My real concern with Leave is its consequences for both the economy and democracy in the UK. Over a decade ago Dani Rodrik created what he called his trilemma:


Here one can have any two of: globalisation, the nation state and democracy, but not all three at once. By leaving the EU, we are making the nation state a priority and if we also want free trade (the Conservative position) then democracy must suffer. If we take the Labour (Corbynite) position then we keep the nation state and democracy but at the cost of protectionism.


«By leaving the EU, we are making the nation state a priority»

That's a common view but it is a mistake: the EU is an aspiring nation-state too, and the UK is also an actually-existing supranational, multinational, multiethnic, multilanguage entity with free movement of people and capital and free trade.

Plus many, many "Leavers" wanted more globalization, instead of being inside "Fortress EU", going back to the edwardian-style globalization of the English Empire well described by JM Keynes.

Many "Leavers" object to the EU not because it is an aspiring nation state, but because the english elites don't have unilateral supremacy in it while they had it in the English Empire and have it in the UK (the English Union).

The tendency in the USA and the UK is not anti-globalist, but as Trump says "USA first" (or "UK second"), that is a rejection of multilateralism, as that gives too much influence to the smaller players, and a switch to unilateral policy making within bilateral relationships.


Are you not over confident in your support for a borderless world??


When the Blair government said that Academy schools were an attempt to discover how to improve secondary education, those who were paying attention doubted whether this was really true. The schools were handed to their private managers for an indefinite period with no method of evaluating performance against alternatives. There was nothing in the contracts to force the schools to innovate or evaluate any innovations.

But the casual observer would have been fooled by the claims that this was all about innovation and discovery.


«over confident in your support for a borderless world??»

There was a pretty much “borderless world” before WW1 (before some form of wider fiscal democracy was born out of mass/national industrialized war instead of dynastic war) as JM Keynes famously described:

“What an extraordinary episode in the economic progress of man that age was which came to an end in August, 1914! ...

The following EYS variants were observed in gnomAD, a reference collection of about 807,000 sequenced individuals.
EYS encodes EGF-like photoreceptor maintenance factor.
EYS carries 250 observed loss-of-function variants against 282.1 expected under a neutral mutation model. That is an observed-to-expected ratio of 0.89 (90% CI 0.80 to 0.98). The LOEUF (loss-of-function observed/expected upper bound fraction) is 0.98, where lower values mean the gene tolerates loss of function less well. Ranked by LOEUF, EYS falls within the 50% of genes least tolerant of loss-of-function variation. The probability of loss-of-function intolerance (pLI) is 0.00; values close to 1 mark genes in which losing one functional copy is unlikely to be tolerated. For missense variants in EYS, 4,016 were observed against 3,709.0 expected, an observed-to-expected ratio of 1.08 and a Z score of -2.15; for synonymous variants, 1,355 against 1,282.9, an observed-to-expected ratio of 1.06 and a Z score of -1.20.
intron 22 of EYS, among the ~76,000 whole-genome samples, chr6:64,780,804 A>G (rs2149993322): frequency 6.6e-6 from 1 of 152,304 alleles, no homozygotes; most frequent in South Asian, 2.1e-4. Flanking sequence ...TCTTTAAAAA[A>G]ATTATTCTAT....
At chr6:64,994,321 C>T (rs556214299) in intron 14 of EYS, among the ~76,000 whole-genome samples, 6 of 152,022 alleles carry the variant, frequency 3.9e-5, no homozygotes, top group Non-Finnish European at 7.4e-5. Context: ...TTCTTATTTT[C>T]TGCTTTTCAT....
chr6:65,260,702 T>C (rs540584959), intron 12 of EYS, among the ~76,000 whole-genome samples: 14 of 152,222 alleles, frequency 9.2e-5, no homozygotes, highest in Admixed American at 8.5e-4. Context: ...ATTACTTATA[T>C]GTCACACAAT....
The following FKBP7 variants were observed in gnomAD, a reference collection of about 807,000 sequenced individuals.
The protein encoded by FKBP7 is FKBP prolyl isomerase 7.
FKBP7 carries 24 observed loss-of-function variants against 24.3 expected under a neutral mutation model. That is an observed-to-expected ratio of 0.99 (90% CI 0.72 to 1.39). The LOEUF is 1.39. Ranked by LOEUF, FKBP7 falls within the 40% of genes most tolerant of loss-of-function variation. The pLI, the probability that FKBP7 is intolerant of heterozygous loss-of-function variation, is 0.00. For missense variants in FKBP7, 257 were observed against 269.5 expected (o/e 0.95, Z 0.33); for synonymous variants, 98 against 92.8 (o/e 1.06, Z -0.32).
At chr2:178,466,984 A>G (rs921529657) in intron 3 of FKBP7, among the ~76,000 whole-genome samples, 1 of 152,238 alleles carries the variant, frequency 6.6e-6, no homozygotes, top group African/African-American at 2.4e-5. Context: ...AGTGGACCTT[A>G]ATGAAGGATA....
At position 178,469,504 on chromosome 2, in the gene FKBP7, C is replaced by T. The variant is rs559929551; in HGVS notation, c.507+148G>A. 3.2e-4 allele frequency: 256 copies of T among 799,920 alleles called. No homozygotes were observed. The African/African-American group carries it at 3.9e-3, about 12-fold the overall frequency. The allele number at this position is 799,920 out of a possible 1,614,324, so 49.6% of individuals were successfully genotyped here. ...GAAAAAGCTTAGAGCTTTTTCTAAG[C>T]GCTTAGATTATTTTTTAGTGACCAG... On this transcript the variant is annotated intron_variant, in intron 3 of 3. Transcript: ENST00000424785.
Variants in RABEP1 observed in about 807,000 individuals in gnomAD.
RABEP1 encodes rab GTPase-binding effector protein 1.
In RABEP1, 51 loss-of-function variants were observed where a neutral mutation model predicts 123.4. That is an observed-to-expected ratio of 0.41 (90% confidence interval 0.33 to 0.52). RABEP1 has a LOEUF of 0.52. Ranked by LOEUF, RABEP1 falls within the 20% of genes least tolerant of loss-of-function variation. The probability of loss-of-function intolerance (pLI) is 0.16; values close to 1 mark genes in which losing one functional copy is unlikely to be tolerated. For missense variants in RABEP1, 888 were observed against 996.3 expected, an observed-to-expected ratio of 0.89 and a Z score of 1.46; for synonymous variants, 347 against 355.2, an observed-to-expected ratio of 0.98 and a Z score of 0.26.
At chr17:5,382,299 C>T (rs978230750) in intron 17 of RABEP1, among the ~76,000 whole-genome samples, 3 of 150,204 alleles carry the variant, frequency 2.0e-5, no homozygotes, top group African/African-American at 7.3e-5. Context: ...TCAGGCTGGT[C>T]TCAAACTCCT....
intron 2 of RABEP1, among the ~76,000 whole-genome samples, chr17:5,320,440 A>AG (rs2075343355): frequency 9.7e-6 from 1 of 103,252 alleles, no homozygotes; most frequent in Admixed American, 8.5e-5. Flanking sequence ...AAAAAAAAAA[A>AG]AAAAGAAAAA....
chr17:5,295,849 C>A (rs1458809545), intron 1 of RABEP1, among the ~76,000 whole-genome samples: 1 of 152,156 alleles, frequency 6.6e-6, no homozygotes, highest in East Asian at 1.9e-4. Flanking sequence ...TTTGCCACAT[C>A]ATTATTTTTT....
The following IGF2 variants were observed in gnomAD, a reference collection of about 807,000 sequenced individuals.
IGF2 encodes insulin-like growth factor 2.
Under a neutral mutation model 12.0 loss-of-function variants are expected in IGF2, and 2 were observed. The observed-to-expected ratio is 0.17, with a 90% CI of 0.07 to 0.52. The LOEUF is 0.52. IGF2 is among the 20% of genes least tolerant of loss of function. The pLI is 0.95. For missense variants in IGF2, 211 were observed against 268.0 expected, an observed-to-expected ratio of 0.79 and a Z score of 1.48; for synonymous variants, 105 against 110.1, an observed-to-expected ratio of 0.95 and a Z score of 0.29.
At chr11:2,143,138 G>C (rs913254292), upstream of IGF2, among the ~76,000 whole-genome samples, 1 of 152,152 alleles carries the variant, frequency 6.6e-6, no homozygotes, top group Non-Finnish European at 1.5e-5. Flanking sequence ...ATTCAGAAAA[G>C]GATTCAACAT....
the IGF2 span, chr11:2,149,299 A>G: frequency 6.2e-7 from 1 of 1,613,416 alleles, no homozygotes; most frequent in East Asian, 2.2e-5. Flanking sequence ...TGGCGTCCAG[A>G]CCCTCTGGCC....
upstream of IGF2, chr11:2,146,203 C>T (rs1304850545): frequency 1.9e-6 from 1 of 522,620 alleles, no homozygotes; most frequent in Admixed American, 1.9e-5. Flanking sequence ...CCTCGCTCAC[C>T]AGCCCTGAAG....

The inhabitant of London could order by telephone, sipping his morning tea in bed, the various products of the whole earth, in such quantity as he might see fit, and reasonably expect their early delivery upon his doorstep; he could at the same moment and by the same means adventure his wealth in the natural resources and new enterprises of any quarter of the world, and share, without exertion or even trouble, in their prospective fruits and advantages; or he could decide to couple the security of his fortunes with the good faith of the townspeople of any substantial municipality in any continent that fancy or information might recommend.
He could secure forthwith, if he wished it, cheap and comfortable means of transit to any country or climate without passport or other formality, could despatch his servant to the neighboring office of a bank for such supply of the precious metals as might seem convenient, and could then proceed abroad to foreign quarters, without knowledge of their religion, language, or customs, bearing coined wealth upon his person, and would consider himself greatly aggrieved and much surprised at the least interference.
But, most important of all, he regarded this state of affairs as normal, certain, and permanent, except in the direction of further improvement, and any deviation from it as aberrant, scandalous, and avoidable.”

Note the “sipping his morning tea in bed ... adventure his wealth ... without exertion or even trouble, in their prospective fruits and advantages ... transit to any country or climate without passport or other formality ... bearing coined wealth upon his person”.
In practice all those rights were exercised almost only by "fine City gentlemen", rather than common people, but they were available to everybody.